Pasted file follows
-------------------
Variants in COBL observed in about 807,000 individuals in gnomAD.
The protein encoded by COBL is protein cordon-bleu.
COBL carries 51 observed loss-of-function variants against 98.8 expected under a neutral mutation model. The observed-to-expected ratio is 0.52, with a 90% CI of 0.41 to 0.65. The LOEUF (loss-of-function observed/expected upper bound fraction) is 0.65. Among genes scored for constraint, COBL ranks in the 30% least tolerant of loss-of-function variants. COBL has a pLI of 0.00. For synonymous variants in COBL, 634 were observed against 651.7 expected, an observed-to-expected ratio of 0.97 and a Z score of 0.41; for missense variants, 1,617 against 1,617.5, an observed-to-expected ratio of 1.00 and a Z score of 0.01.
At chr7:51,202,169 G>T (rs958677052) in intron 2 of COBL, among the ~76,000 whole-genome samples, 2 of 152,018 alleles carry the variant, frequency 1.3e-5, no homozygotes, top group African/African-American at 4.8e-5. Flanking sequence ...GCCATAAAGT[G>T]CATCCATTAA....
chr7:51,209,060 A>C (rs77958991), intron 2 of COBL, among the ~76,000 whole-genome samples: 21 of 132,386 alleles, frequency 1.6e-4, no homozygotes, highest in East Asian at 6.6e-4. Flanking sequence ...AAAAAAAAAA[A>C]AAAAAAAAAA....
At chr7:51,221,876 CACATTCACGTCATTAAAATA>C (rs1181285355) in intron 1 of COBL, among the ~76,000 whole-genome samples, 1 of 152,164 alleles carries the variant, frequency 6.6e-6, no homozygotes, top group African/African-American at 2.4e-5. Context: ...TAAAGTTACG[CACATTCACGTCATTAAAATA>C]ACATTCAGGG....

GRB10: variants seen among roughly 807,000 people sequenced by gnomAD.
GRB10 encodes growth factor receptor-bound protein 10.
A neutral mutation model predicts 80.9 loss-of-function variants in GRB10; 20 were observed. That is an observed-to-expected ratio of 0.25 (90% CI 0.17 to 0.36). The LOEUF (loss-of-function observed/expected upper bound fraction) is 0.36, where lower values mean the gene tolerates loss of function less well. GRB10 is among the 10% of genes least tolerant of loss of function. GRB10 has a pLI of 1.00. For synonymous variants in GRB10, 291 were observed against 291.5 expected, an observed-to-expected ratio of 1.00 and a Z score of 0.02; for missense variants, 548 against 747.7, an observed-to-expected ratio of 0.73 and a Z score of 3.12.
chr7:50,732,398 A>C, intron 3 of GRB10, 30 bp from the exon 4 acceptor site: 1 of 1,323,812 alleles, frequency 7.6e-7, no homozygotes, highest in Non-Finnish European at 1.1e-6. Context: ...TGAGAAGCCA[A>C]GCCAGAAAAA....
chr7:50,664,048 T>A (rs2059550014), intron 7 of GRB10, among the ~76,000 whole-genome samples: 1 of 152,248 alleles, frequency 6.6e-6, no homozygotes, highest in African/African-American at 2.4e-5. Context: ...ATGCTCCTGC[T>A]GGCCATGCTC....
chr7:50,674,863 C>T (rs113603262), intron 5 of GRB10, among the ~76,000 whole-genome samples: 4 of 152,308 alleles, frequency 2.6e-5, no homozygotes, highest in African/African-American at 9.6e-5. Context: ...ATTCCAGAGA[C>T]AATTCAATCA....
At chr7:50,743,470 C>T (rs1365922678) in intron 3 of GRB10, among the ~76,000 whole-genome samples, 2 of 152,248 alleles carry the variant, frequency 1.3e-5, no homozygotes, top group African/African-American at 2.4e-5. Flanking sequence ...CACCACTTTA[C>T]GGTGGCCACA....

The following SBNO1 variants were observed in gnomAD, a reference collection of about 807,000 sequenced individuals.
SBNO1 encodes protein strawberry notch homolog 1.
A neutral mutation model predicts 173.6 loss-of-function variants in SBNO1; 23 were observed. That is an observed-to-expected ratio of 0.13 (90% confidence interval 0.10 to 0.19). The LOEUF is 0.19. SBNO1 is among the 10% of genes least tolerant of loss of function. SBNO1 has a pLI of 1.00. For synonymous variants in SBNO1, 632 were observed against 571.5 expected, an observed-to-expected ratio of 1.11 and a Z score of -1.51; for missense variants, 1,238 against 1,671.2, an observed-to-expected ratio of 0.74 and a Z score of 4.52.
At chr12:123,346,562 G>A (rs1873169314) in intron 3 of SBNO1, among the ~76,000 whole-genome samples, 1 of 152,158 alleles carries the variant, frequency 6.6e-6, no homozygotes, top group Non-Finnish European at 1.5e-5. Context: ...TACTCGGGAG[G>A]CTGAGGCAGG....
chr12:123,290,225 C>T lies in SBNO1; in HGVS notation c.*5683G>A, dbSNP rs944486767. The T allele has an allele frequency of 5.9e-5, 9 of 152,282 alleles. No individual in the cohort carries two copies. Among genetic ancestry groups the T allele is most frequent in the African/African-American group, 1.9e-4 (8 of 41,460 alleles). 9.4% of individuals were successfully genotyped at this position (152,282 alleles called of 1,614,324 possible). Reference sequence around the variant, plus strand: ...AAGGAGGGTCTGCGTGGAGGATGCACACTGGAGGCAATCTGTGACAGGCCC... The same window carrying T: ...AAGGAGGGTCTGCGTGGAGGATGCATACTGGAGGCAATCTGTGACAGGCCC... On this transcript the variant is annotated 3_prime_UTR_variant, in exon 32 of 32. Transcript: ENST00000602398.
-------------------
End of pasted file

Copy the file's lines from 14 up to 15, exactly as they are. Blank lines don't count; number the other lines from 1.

The following SBNO1 variants were observed in gnomAD, a reference collection of about 807,000 sequenced individuals.
SBNO1 encodes protein strawberry notch homolog 1.